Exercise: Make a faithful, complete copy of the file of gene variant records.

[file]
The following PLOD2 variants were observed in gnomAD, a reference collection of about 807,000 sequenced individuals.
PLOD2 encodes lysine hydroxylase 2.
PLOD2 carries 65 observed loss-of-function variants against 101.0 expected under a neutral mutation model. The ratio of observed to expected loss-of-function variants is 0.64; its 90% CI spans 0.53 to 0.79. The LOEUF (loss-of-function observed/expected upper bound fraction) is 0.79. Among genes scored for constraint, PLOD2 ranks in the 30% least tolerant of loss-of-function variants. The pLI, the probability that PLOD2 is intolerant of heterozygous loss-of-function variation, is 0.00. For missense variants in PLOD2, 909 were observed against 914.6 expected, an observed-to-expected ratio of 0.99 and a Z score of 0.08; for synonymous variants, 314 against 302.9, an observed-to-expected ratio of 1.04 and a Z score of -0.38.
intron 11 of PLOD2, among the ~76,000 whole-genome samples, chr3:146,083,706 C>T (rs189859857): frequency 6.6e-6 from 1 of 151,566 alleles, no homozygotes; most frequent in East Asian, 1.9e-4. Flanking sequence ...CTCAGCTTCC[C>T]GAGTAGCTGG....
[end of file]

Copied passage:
The following PLOD2 variants were observed in gnomAD, a reference collection of about 807,000 sequenced individuals.
PLOD2 encodes lysine hydroxylase 2.
PLOD2 carries 65 observed loss-of-function variants against 101.0 expected under a neutral mutation model. The ratio of observed to expected loss-of-function variants is 0.64; its 90% CI spans 0.53 to 0.79. The LOEUF (loss-of-function observed/expected upper bound fraction) is 0.79. Among genes scored for constraint, PLOD2 ranks in the 30% least tolerant of loss-of-function variants. The pLI, the probability that PLOD2 is intolerant of heterozygous loss-of-function variation, is 0.00. For missense variants in PLOD2, 909 were observed against 914.6 expected, an observed-to-expected ratio of 0.99 and a Z score of 0.08; for synonymous variants, 314 against 302.9, an observed-to-expected ratio of 1.04 and a Z score of -0.38.
intron 11 of PLOD2, among the ~76,000 whole-genome samples, chr3:146,083,706 C>T (rs189859857): frequency 6.6e-6 from 1 of 151,566 alleles, no homozygotes; most frequent in East Asian, 1.9e-4. Flanking sequence ...CTCAGCTTCC[C>T]GAGTAGCTGG....